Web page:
Despite the opposition and concerns from two local labor groups, the Napa County Board of Supervisors is taking the next step in potentially joining a Marin County-based clean energy consortium.
During its meeting Tuesday, the board authorized the county to spend $35,000 on a contract with Marin Clean Energy for a feasibility study that could eventually link thousands of residents of the unincorporated area to the clean energy that MCE procures and delivers through Pacific Gas and Electric’s grid.
The study will determine if Marin Clean Energy can supply enough clean energy for customers in the unincorporated area, and if it can do so without increasing rates for the 125,000 customers it already has in Marin County and the city of Richmond.
If the study results are favorable and if Marin Clean Energy’s board of directors permits Napa County to join, the Board of Supervisors would have to vote again on joining. Even if it did, participation in the program is voluntary; any resident of the unincorporated area who doesn’t want to join can opt out and remain a PG&E customer.
The cost and need for the study divided the board, however, as Supervisors Mark Luce, Brad Wagenknecht and Keith Caldwell voted in favor, with Supervisors Bill Dodd and Diane Dillon opposed.
Dodd said the county hasn’t done enough to engage residents on whether they want to join Marin Clean Energy, and felt the issue would divide them.
“I just don’t think that this is the right way to go right now,” Dodd said. “It will divide our citizens and force them into a new bureaucracy.”
Jon Riley, executive director of the Napa and Solano Counties Central Labor Council, urged the supervisors to spurn Marin Clean Energy and devote the $35,000 to studying how to foster renewable energy projects within the county that would hire locally.
He also balked at Marin Clean Energy doing the feasibility study in house, and said an independent consultant should be used.
“Marin Clean Energy may be a perfect fit,” Riley said. “But I think someone else should determine that.”
Hunter Stern, representing the International Brotherhood of Electrical Workers Local 1245, told the supervisors that his union objected to Marin Clean Energy going outside the state to get its power supplies. MCE, he said, has said it’s going to focus on producing local power with local projects, but hasn’t done that.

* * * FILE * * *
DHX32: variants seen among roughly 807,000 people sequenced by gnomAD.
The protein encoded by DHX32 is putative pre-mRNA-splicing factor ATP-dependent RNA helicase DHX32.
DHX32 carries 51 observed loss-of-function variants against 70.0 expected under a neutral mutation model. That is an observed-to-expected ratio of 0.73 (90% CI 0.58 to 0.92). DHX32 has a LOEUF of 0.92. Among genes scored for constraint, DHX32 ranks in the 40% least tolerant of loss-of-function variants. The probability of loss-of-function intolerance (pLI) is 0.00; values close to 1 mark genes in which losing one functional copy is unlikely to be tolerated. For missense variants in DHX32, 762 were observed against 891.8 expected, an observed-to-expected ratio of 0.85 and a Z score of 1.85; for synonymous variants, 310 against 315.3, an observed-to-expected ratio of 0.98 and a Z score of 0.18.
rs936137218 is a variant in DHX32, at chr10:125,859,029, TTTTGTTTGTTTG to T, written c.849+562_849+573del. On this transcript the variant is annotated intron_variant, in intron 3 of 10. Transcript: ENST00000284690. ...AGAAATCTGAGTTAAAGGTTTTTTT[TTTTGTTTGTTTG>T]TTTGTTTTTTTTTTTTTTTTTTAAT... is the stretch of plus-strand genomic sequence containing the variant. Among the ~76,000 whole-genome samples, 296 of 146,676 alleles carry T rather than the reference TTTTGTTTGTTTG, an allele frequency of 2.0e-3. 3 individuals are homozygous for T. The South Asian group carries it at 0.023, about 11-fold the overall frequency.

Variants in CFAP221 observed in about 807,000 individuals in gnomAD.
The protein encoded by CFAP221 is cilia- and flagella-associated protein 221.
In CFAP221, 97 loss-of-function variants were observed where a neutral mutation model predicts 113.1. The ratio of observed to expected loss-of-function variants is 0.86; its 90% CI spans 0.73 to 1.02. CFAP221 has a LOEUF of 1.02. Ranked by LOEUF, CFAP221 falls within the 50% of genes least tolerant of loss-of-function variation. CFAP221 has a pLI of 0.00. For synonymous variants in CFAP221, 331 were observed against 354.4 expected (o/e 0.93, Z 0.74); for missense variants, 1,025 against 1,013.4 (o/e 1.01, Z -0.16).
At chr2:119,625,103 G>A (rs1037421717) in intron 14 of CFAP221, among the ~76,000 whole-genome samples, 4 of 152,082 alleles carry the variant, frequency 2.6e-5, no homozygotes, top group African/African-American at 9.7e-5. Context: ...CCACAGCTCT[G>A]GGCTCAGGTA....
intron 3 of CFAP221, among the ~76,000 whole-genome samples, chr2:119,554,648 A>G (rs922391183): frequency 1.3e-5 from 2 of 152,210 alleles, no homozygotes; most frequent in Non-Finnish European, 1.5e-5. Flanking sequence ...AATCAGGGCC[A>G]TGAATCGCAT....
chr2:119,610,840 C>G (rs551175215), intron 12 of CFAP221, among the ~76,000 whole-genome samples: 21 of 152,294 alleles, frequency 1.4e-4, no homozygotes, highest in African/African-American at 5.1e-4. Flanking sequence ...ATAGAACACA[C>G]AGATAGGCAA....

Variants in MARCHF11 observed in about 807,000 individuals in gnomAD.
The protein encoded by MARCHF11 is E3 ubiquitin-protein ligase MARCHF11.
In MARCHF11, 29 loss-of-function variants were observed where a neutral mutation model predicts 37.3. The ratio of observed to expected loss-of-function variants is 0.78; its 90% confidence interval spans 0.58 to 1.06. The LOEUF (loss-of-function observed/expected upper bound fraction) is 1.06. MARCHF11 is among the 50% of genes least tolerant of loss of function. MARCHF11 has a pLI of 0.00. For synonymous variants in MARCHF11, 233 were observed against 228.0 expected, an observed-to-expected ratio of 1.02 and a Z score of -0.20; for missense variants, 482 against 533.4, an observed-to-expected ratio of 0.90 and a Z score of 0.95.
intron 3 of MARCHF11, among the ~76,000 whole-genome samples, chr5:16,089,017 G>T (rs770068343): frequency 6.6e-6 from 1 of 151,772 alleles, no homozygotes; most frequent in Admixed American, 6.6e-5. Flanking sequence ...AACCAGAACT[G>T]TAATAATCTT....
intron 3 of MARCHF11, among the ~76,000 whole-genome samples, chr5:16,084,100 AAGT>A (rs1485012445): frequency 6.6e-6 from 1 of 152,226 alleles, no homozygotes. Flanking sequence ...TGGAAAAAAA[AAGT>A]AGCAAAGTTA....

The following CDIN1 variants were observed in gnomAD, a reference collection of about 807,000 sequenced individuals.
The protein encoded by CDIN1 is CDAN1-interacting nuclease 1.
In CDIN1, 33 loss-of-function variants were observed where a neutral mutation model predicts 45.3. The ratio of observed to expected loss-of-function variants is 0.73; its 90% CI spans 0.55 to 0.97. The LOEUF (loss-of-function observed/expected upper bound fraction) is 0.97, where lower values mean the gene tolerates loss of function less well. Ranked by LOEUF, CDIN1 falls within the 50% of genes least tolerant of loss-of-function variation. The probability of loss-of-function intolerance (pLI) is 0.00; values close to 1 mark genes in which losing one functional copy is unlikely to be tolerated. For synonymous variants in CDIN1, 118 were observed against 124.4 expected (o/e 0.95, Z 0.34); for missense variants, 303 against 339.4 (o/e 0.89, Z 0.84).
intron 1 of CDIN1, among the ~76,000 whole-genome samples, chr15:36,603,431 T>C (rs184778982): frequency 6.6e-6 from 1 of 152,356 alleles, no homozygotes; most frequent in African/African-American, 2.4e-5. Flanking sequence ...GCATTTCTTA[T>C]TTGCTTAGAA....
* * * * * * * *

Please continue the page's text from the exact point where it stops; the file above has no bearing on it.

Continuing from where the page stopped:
“It’s still coming from predominantly non-union sources,” Stern said. “That’s our work and that’s replacing our members.”
Stern said his union opposed Marin Clean Energy’s creation in 2010, and has worked to oppose a similar program under development in San Francisco.
Marin Clean Energy Executive Director Dawn Weisz said the out-of-state contracts were set up just as the agency was getting started, and were needed on a short-term basis. Its focus is to get more energy from in-state sources, she said.
Gopal Shanker, president of Recolte Energy, supports Napa County joining Marin Clean Energy, and told the supervisors that it’s the county’s sole choice at the moment.
“Marin’s our only choice,” Shanker said. “Sonoma is not ready for us and it will be too expensive to create our own. This a movement that’s just beginning. If we don’t keep up, we’ll be left behind.”
Wagenknecht spoke in favor of the program, saying it will offer incentives to create large- and small-scale renewable energy projects in Napa County that otherwise may not be built.
“I don’t see any other real option to do this kind of work,” Wagenknecht said. “I see a lot of projects that are possible to do. I see us moving in the right direction.”
Dillon said she wanted to wait on voting on the $35,000 contract to see if wineries and vineyards — the largest potential commercial customers for Marin Clean Energy in Napa Valley — were interested in the program, or would opt out if given a choice.
Caldwell said he saw the $35,000 expense as an investment that could lead to much greater clean energy usage and production in the county. He noted that the Board of Supervisors loaned a greater sum to the Napa Valley Film Festival, which has been slow to repay it.
“If there’s people wanting to opt out, that’s their choice,” Caldwell said. “We spent $50,000 on a film festival that we’re never going to see.”
Marin Clean Energy is California’s first community choice aggregation program, and is a publicly owned utility that buys supplies of clean energy from California, Oregon and Washington.
Currently, it supplies Marin County jurisdictions and the city of Richmond, although its board has entertained expanding into surrounding counties. Sonoma County is working to create its own program.
Marin Clean Energy uses PG&E’s existing power network and grid to provide electricity to customers, and is only responsible for generating the electricity. PG&E maintains the network, provides customer service, does repairs, and handles billing.
It offers two packages of 50 to 100 percent renewable energy, compared to PG&E’s 19 percent. The rates it charges for those packages are comparable to PG&E’s, although they are subject to annual change depending on the energy market.